The pedal steel guitar is so closely associated with American country and western music that its image can scarcely escape that infinite gravity of categorization. Even when it has wobbled its way into jazz, the instrument has always operated beneath the label of "Western Swing" or "Alternative Country." Several notable players have distinguished themselves in the hinge of Western Swing, including Bob Wills' steel guitarist Leon McAuliffe, Hank Williams' steel guitarist Don Helms, and Buddy Emmons. Many of the country and western musicians of the 1930s and '40s were closet jazzers, a fact that led to the swing hybrid.
Modern pedal steel guitar (outside of country music) has been maintained by the likes of producer Daniel Lanois
with his alternative mainstream application of the instrument, and Bruce Kaphan for the same. Kaphan's Slider
(Hearts of Space, 2000) pushed the instrument into the ambient music realm, a place that is not too hard to imagine for those who have listened to National Public Radio's Hearts of Space
. The instrument, by its nature, is well positioned to provide ethereal tones that are both otherworldly and densely organic.
To call Bruce Kaphan Quartet
jazz is either too great a stretch or totally beside the point. In keeping with the recent trend of exploring Americana in music, Kaphan assembles eleven tracks chocked full of major chords, tidy consonance, tonal resolution and familiar themes. While the larger movement in jazz and related explorations is an entropy-driven trend toward deconstructed freedom, sharp dissonance, intended loose ends and implied conflict, Kaphan embraces the harmonic and the lyrical, urban soundscapes and pastoral odes.
This specific contrast may best be seen in two of the three standards Kaphan performs. Joe Zawinul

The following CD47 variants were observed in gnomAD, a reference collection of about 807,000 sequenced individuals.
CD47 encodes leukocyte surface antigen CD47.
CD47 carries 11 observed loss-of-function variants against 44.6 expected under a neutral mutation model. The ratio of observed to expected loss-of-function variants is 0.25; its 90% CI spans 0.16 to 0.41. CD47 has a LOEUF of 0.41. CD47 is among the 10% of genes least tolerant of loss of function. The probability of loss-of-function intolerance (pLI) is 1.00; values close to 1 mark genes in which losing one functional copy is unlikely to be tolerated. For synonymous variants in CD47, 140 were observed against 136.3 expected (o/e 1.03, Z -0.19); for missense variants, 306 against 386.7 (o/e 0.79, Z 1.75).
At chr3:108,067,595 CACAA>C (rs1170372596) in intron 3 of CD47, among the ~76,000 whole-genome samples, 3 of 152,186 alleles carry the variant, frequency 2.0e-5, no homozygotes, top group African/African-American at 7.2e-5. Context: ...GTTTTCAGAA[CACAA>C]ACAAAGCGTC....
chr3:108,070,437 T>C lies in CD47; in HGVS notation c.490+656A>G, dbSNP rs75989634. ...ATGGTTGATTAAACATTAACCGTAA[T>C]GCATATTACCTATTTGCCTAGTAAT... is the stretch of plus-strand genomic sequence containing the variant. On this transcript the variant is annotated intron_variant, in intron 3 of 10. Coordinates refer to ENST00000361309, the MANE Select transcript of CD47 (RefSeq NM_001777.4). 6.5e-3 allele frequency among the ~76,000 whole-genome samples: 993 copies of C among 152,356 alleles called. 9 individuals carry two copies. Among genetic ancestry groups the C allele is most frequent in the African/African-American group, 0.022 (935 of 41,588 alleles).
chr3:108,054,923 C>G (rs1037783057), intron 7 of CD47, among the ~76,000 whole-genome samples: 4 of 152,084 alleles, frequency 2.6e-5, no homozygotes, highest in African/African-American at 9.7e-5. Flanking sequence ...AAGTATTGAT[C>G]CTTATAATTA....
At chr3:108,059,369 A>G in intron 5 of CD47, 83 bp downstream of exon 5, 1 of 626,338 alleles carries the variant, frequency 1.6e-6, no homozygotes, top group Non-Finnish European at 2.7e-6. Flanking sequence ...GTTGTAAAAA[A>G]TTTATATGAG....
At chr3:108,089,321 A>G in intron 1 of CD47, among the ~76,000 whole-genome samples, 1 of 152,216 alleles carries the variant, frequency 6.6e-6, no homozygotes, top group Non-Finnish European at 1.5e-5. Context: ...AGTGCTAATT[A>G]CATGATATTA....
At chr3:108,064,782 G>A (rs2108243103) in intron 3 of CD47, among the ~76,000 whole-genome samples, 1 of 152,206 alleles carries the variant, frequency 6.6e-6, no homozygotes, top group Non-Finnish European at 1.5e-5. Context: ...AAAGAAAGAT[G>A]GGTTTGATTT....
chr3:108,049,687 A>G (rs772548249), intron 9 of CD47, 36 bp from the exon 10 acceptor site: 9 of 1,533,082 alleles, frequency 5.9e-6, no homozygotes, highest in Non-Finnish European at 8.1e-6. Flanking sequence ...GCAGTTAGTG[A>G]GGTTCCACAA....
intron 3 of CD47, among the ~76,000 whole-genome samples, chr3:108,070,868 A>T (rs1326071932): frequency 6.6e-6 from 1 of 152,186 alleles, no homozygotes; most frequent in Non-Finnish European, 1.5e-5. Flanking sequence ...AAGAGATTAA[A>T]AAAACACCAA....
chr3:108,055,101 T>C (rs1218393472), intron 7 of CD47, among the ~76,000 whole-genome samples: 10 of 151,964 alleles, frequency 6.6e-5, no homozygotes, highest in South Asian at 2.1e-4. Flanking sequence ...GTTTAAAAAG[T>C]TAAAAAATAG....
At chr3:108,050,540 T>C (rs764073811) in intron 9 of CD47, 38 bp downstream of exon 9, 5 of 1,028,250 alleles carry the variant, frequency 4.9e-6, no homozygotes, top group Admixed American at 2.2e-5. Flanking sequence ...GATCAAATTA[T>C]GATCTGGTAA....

's "Birdland," originally released on Weather Report
's Heavy Weather
(Columbia, 1977), captures the fast-paced urban flavor of Broadway. Kaphan takes full advantage of his most excellent electric bassist, Jeffrey Wash, whose ability on the fretless electric bass is impressive, exact and succinctcharacteristics used to stunning effect on the entire recording. Pianist John R. Burr
removes all impressionism from his barrelhouse playing with his Chuck Leavell
-like attack, making this modern classic a juggernaut for Kaphan to update with his clean lines and acute angles.
Kaphan's cover of Allman Brothers Band
's "Jessica" is oddly less successful, but amply illustrates the disc's production tendency to have all instruments at approximately the same place in the mix, giving an x-ray glimpse at the song's instrumental anatomy. While not perfect, Kaphan captures the Americana in the song with just the mere presence of his instrument. Burr's piano is double-fisted and rolling in an appropriate Southern Rock traditionlike Lynyrd Skynyrd's Billy Powell on Second Helping
's (MCA, 1974) and "Call Me the Breeze." The final and only true standard, "What's New" is reminiscent of Roy Buchanan
's interpretation of Don Gibson's "Sweet Dreams." It retains all of the authentic intention of the original delivered thoughtfully...just like the entire recording.
Aether; Waiting; Been Here Soon; Grapple With The Apple; Iz Isn’t;
Birdland; What’s New; running With The Big Dogs; En Nior Et Blanc;
Jessica; Highways Remembered.
Jason Lewis: drums, percussion; Jeffrey Wash: fretless electric bass;
Bruce Kaphan: pedal steel guitar, synthesizer; John R. Burr: piano (1,
4-8, 10); Rich Kuhns: piano (3, 9, 11); John Wiitala: upright bass (7).